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Thursday, December 10, 2015

"The Ice Cream Shop"--Short story/Character Interview: Lem Benzaran, Neodymium Series

I cringe as the lock to the ice-cream shop finally gives with a crack and the door swings open, banging against the wall behind it. The mottled counter, the spick and span ice cream machines, and the pop dispensers all cast creepy shadows over the turquoise tile floor, and only the shop's logo floating mid-air over the counter betrays the 1950s ambiance, revealing that I'm in an alternate future world where ice cream is lumpy and beat-downs take place over root-beer floats.

Tuesday, October 20, 2015

Paradox (999-word short-fiction)

By Jen Finelli

When I stepped off the metal ramp onto the landing pad, the heat didn't “beat down” on me so much as “suffocate my whole body in a sweaty embrace.” Home. For the first time in...three years? Shyte. Felt longer.
In the distance, past the parking lot fence, pinkish-green vines grew up the fort's translucent wall: the jungle was hugging us all. When I sighed, hot, wet air rushed into my throat like a super tongue-y kiss.
My home planet's clingy welcome felt weird. And not just because I'd served time in the cold, dry underground of Beryllia's crystal mines. There's moss on the landing pad. When Jei and I took off from this pad years ago it was squeaky clean. Uptight butt-face wouldn't have it otherwise.
I opened and closed my fist, and chunks of deep green and rooty brown blasted into the air as the moss flew off the pad. I lifted my hand, gently, like an orchestra conductor, and the moss floated through the air to land in a puddle by the fence.
Grow there,” I said. “Not here.”
It obeyed.

Friday, October 9, 2015

Microfiction: Cat in Dat Hat

The cat in the hat got arrested yesterday for invading children's homes and suggesting dangerous and irresponsible activities. Conservatives have labelled him a suspect pedophile; liberals are screaming marine animal rights abuses. 

He was actually just a kid at heart, but there's no political hashtag for news commentators to use for that.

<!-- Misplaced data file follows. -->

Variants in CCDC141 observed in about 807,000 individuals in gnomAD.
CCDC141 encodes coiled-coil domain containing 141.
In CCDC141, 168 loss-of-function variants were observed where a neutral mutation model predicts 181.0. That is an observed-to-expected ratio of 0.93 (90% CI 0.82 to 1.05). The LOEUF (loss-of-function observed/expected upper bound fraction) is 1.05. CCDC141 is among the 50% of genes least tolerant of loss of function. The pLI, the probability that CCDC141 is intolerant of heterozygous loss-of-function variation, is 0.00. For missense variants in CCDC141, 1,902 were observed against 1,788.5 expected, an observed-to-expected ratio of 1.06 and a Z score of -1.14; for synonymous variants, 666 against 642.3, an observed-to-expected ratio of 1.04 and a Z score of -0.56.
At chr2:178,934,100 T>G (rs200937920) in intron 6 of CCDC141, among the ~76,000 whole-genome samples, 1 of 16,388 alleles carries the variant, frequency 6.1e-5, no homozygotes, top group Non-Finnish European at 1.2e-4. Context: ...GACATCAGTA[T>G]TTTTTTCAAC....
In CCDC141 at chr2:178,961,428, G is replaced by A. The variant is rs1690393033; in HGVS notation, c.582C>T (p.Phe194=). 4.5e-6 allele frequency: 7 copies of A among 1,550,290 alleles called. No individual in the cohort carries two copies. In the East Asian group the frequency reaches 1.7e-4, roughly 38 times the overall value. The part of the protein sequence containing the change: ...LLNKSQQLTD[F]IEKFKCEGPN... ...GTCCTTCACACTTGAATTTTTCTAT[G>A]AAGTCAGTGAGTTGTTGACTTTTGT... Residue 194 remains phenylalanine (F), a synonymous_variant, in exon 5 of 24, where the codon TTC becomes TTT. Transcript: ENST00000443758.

Share this!

Tuesday, September 1, 2015

A Musical Interlude

I have not forgotten you! I'll be finishing the experimental flash-fiction series about the Moon-man next week before sharing a short story about a talking fish or starting on a 3-part murder mystery set in a space opera universe. After that maybe we'll bring back the medicine in fiction series to help out you writerly folks.

In the meantime, here's a thing!

See you next week, with the end of the little Moon-man series. In my "real" writing life I'm working on an animated series about an alien anthropologist, a webcomic series about a superhero who shoots his author, and a novel following my current space-ninjas-who-talk-to-invisible-people. So stay tuned on those as well. Love you!

Tuesday, August 18, 2015

Shopping (SF flash fiction, continuation of the Moon-Man series)

Shopping list:
-Human muscle tissue, live
-60 kg Titanium
-7 kg Neodymium
-5L blood, compatible with human tissue type
-Carbon mesh, for seeding tissue to titanium

I crumble the list back into my pocket and grip the pole beside me as the Metro swerves. I must be nervous. Why else would I take out this list again and again when I already have the ingredients memorized...

"You're too good for this," Ken grumbles beside me. "We're engineers, not repo-men."

Tuesday, August 4, 2015

A Flash Fiction Guest Treat! (Some published stuff!)

I've got a special treat for your weekly flash fiction today! A whole BUNCH of flash fiction, from a bunch of people more talented than I! (I'm in there, too, though, in case you've grown fond of me.) Quick, go read them here, http://microfictionmondaymagazine.com/2015/08/03/microfiction-monday-36th-edition/comment-page-1/, before they get away on their short little feet! They are the shortest of stories